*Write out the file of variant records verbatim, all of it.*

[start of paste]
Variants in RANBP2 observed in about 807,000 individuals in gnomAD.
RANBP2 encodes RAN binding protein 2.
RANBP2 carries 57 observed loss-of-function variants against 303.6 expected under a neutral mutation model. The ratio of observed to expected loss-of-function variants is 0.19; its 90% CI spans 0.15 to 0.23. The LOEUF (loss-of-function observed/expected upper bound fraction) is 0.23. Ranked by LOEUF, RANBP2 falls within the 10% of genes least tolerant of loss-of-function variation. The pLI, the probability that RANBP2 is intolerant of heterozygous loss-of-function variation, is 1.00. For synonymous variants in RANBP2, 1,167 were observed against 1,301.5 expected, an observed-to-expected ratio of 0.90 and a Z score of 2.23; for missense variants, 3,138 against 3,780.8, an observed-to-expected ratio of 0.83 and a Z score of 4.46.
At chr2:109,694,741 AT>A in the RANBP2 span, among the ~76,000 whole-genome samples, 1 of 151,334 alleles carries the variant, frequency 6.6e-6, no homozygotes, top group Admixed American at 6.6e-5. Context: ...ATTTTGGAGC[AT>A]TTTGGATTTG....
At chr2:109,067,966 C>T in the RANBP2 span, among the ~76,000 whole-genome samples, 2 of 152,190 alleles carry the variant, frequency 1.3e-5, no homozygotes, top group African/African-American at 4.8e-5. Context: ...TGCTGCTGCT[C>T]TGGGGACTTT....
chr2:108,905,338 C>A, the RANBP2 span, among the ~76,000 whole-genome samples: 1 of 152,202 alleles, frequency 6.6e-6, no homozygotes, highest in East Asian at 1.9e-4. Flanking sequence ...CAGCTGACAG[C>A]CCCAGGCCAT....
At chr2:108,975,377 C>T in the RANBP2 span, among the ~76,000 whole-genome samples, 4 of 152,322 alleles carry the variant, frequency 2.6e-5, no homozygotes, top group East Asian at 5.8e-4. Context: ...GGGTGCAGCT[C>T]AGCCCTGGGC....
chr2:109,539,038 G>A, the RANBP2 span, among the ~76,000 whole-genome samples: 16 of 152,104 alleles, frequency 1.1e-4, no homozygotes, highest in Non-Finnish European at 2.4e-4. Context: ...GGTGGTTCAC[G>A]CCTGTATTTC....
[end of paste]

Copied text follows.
Variants in RANBP2 observed in about 807,000 individuals in gnomAD.
RANBP2 encodes RAN binding protein 2.
RANBP2 carries 57 observed loss-of-function variants against 303.6 expected under a neutral mutation model. The ratio of observed to expected loss-of-function variants is 0.19; its 90% CI spans 0.15 to 0.23. The LOEUF (loss-of-function observed/expected upper bound fraction) is 0.23. Ranked by LOEUF, RANBP2 falls within the 10% of genes least tolerant of loss-of-function variation. The pLI, the probability that RANBP2 is intolerant of heterozygous loss-of-function variation, is 1.00. For synonymous variants in RANBP2, 1,167 were observed against 1,301.5 expected, an observed-to-expected ratio of 0.90 and a Z score of 2.23; for missense variants, 3,138 against 3,780.8, an observed-to-expected ratio of 0.83 and a Z score of 4.46.
At chr2:109,694,741 AT>A in the RANBP2 span, among the ~76,000 whole-genome samples, 1 of 151,334 alleles carries the variant, frequency 6.6e-6, no homozygotes, top group Admixed American at 6.6e-5. Context: ...ATTTTGGAGC[AT>A]TTTGGATTTG....
At chr2:109,067,966 C>T in the RANBP2 span, among the ~76,000 whole-genome samples, 2 of 152,190 alleles carry the variant, frequency 1.3e-5, no homozygotes, top group African/African-American at 4.8e-5. Context: ...TGCTGCTGCT[C>T]TGGGGACTTT....
chr2:108,905,338 C>A, the RANBP2 span, among the ~76,000 whole-genome samples: 1 of 152,202 alleles, frequency 6.6e-6, no homozygotes, highest in East Asian at 1.9e-4. Flanking sequence ...CAGCTGACAG[C>A]CCCAGGCCAT....
At chr2:108,975,377 C>T in the RANBP2 span, among the ~76,000 whole-genome samples, 4 of 152,322 alleles carry the variant, frequency 2.6e-5, no homozygotes, top group East Asian at 5.8e-4. Context: ...GGGTGCAGCT[C>T]AGCCCTGGGC....
chr2:109,539,038 G>A, the RANBP2 span, among the ~76,000 whole-genome samples: 16 of 152,104 alleles, frequency 1.1e-4, no homozygotes, highest in Non-Finnish European at 2.4e-4. Context: ...GGTGGTTCAC[G>A]CCTGTATTTC....